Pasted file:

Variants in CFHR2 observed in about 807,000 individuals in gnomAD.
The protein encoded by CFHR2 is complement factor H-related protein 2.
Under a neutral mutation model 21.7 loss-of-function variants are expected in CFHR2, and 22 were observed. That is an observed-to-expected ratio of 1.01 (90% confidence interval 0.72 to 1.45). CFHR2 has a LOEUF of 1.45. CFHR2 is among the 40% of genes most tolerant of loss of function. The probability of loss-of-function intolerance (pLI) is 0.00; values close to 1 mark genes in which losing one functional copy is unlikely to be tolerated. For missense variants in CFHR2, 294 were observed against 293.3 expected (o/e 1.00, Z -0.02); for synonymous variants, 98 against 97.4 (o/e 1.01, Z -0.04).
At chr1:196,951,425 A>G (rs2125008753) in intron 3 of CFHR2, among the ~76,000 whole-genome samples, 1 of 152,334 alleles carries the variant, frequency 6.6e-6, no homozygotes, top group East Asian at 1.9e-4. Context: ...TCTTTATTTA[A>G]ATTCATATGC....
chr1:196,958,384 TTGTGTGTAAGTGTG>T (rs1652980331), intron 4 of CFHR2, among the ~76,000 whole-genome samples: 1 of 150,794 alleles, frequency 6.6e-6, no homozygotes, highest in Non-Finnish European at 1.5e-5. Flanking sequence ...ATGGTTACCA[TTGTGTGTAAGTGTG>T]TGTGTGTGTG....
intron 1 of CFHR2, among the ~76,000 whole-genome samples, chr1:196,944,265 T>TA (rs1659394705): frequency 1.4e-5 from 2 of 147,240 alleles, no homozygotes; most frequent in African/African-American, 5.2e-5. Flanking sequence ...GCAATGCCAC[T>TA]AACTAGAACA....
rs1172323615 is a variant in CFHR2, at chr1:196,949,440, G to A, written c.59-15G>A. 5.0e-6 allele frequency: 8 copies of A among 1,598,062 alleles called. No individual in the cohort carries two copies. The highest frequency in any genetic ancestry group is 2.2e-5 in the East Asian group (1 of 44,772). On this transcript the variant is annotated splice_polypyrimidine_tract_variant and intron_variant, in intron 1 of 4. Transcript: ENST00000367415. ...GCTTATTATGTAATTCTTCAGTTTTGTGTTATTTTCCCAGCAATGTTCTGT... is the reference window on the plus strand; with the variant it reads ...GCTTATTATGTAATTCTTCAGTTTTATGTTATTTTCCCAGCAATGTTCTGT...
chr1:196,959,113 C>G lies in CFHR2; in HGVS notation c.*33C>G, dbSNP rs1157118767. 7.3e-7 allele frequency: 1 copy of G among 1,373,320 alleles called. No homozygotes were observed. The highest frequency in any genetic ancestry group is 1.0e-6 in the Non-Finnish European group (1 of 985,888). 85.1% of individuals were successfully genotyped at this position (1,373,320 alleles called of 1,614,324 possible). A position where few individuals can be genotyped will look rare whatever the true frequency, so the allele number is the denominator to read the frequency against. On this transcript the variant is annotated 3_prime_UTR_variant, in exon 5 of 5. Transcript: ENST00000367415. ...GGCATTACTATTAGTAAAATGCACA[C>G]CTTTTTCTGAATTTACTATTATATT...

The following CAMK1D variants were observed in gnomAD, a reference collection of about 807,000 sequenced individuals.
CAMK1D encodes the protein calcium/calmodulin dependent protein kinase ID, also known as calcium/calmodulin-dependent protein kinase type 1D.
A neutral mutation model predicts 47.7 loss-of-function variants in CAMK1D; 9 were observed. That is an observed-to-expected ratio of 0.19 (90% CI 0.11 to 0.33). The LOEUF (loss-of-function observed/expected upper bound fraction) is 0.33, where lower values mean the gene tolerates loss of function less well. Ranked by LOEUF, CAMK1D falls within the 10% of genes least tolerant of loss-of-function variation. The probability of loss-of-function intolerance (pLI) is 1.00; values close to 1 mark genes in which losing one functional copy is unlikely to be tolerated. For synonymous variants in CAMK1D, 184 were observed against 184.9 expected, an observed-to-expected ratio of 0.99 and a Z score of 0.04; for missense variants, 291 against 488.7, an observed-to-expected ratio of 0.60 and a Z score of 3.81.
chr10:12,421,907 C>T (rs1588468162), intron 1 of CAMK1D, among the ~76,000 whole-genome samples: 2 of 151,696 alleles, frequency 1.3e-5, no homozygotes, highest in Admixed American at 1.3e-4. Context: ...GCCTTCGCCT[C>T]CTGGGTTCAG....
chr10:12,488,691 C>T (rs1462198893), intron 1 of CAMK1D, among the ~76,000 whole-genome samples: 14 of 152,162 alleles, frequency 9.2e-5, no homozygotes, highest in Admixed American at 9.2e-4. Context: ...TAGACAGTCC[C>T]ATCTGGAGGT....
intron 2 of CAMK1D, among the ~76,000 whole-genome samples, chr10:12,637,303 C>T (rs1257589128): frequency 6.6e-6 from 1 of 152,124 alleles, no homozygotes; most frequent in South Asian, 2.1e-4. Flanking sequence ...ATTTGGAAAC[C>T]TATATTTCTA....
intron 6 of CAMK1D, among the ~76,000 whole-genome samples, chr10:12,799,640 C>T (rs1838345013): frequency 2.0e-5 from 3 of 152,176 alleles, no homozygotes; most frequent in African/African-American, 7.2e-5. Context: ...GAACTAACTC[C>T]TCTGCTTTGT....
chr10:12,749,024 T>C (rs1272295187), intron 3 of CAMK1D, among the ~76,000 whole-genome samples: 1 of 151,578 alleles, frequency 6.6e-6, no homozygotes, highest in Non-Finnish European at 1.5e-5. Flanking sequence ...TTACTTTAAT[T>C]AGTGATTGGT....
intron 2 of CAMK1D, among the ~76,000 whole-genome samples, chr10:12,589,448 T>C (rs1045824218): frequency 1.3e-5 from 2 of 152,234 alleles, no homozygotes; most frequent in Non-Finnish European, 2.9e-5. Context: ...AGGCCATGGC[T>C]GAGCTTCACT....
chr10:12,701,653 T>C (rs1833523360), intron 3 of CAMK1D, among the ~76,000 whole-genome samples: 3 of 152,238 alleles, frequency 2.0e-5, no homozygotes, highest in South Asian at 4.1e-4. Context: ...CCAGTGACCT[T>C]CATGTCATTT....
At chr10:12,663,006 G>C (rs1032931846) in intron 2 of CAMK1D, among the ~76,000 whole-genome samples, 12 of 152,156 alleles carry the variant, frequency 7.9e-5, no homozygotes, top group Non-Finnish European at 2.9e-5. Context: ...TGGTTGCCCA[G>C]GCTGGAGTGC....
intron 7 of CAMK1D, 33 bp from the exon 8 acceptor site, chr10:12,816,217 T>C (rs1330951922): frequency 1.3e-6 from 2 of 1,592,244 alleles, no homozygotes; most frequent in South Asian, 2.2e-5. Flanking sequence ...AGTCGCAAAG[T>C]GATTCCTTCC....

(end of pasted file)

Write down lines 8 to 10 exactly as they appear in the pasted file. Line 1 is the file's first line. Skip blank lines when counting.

chr1:196,959,113 C>G lies in CFHR2; in HGVS notation c.*33C>G, dbSNP rs1157118767. 7.3e-7 allele frequency: 1 copy of G among 1,373,320 alleles called. No homozygotes were observed. The highest frequency in any genetic ancestry group is 1.0e-6 in the Non-Finnish European group (1 of 985,888). 85.1% of individuals were successfully genotyped at this position (1,373,320 alleles called of 1,614,324 possible). A position where few individuals can be genotyped will look rare whatever the true frequency, so the allele number is the denominator to read the frequency against. On this transcript the variant is annotated 3_prime_UTR_variant, in exon 5 of 5. Transcript: ENST00000367415. ...GGCATTACTATTAGTAAAATGCACA[C>G]CTTTTTCTGAATTTACTATTATATT...

The following CAMK1D variants were observed in gnomAD, a reference collection of about 807,000 sequenced individuals.
CAMK1D encodes the protein calcium/calmodulin dependent protein kinase ID, also known as calcium/calmodulin-dependent protein kinase type 1D.